4. My church worked with this organization, International Disaster Emergency Services, this past Friday, preparing and boxing disaster meals. One thing they brought up is that they don't ship a lot of meals inside the United States.

    Americans are too picky when it comes to food. 14oz of rice, soy blend, dehydrated veggies and a package of vitamins and minerals. Just need to add to boiling water and cook.

  5. Native Floridian here. Allow me to add my two cents worth:

    Vegetation surrounding your domicile should already have been trimmed, especially trees. If your trees need trimming, now is the time to accomplish that task. Duke Energy is our electric provider and if you call and ask them to, they will trim trees away from power lines for free – BUT DO IT NOW! Don’t wait until a tropical wave is even on the horizon as they have protocols they put into action. I don’t know if FPL or other providers do the same thing but it’s worth asking your provider.

    IF you decide to “ride out” a storm, remember that along the coasts city water is vulnerable to saltwater intrusion, therefore it is advisable to have an adequate supply on hand. If you have a top-loader washer, fill it with ice (if possible) and water, it can provide a lot of drinking water. Fill your bathtubs with water and fill large trash cans with water as well. Trash cans can provide water for flushing if needed.

    Have a 2-week supply of any and all medications for each member of your household.

    We upgraded our windows this year to withstand 140 mph wind and I am glad we did. If you have old windows, storm shutters are great but OSB plywood can provide decent protection. If you do not have protection and have to tape your windows, do so but remove the tape the day after the storm passes, otherwise you will have a giant pain removing leftover adhesive.

    Secure all loose articles around your property. If you have a pool, do not drain it completely as it could potentially pop out of the ground. Instead, make sure you remove only one quarter of the water as the rain can refill it for you and you avoid overflow damage. Ask me how I know.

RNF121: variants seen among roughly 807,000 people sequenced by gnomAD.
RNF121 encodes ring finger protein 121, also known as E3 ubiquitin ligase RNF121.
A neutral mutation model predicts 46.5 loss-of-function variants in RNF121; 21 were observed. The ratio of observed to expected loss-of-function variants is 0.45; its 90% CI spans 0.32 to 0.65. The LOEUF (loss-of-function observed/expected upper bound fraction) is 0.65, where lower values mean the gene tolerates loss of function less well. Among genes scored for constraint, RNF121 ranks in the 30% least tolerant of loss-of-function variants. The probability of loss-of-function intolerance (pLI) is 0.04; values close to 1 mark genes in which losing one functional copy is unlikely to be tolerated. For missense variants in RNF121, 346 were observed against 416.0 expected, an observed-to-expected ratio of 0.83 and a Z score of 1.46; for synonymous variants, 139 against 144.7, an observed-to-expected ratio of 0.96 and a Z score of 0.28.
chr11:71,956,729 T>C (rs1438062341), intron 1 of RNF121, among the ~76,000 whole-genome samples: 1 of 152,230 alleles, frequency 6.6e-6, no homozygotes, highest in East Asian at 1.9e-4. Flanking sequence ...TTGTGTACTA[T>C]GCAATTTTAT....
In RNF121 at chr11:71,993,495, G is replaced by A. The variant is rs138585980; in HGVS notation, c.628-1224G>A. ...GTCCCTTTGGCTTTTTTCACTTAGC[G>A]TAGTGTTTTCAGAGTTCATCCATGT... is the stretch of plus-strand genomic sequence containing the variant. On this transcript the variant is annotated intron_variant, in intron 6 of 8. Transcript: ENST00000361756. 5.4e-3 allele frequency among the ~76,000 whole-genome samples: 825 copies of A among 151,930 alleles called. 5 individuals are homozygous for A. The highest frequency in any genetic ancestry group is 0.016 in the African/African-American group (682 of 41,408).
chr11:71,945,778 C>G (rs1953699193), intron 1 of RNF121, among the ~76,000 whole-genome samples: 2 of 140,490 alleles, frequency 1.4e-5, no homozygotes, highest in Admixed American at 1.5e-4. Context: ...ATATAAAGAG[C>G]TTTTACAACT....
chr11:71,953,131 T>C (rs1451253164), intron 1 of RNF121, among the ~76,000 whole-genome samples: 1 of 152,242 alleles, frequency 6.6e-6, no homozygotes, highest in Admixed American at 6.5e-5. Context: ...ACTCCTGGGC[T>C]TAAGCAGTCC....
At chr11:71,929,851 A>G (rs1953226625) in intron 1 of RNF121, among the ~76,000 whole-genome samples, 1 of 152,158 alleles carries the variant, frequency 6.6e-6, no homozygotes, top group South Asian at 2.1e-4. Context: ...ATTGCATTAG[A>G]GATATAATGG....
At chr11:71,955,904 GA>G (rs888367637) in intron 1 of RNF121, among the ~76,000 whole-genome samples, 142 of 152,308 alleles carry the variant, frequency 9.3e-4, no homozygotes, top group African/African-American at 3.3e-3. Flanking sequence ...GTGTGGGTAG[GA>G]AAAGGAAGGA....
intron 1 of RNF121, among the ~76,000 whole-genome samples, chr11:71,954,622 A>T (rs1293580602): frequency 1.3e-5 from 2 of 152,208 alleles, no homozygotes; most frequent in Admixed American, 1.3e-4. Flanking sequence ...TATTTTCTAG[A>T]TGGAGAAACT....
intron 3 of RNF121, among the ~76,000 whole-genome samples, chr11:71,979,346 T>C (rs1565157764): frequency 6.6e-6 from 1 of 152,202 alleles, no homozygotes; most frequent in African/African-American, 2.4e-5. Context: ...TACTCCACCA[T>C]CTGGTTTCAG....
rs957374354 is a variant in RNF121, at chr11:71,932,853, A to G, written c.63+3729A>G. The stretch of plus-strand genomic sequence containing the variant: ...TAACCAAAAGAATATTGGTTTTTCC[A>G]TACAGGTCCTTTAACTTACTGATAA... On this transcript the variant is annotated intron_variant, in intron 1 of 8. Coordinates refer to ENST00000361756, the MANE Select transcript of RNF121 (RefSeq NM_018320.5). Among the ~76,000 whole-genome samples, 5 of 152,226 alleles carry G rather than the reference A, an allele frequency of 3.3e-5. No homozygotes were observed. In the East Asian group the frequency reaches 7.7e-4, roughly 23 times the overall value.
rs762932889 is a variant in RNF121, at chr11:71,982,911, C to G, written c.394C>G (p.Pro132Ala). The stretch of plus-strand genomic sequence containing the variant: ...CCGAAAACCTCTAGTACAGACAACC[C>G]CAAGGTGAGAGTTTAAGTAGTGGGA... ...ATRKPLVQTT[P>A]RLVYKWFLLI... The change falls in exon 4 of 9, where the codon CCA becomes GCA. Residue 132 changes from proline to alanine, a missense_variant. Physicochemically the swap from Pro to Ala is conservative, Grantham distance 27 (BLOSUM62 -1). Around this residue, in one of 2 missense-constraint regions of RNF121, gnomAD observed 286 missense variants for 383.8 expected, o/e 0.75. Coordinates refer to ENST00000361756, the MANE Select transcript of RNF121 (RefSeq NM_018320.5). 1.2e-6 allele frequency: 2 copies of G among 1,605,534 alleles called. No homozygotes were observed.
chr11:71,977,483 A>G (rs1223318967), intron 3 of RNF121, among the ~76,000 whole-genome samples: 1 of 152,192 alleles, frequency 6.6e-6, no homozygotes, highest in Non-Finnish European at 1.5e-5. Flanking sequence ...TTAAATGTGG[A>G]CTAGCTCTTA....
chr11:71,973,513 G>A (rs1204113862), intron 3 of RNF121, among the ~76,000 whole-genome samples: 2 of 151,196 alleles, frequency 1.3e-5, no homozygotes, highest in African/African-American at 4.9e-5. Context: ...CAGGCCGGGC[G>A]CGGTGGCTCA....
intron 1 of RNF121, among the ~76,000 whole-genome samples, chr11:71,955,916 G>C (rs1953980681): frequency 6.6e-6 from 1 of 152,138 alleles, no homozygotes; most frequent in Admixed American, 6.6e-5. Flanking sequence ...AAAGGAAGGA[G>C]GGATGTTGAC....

If the eye of the storm passes over your house, do not leave your home and “explore” or “check the property” even for a few minutes. The second half of a hurricane can slam harder than the beginning.

    Do not pick up any loose wires or cables; they may be hot and could result in electrocution.

    Be patient after the storm. Your power may be out – just like millions of others – so it might take some time for the,power provider to get to your street.

    Most of all, if you are ordered to evacuate don’t be a jackass – DO IT!

    May the odds be ever in your favor this hurricane season.

  6. Here's one few talk about. When the warning goes up, get all your dirty clothes washed. Put them away in plastic totes with a couple bars of your favorite soap in each tote (I use Dial gold.) Keeps your clothes dry and smelling good.

    Place the totes on at least 2x4s laid on the floor. Most flooding is only a couple inches deep. Metal shelves are better, as long as they're stable and potentially tied into the structure.

    Clean your kitchen and bath before it hits. If necessary, do a deep cleaning. And have a jug of vinegar to wipe your counters down during power/water outages.

    And, of course, once you finish all your preps, take a bath or shower. Take a bath or shower every day until it hits or goes away. And, most importantly, take a bath or shower right before it hits. You would be surprised as to how many people sit out a hurricane or storm after they've gotten all funky and dirty.

  7. If you count on FEMA to save you, you're lost already.
    The paperwork counts more than your well-being…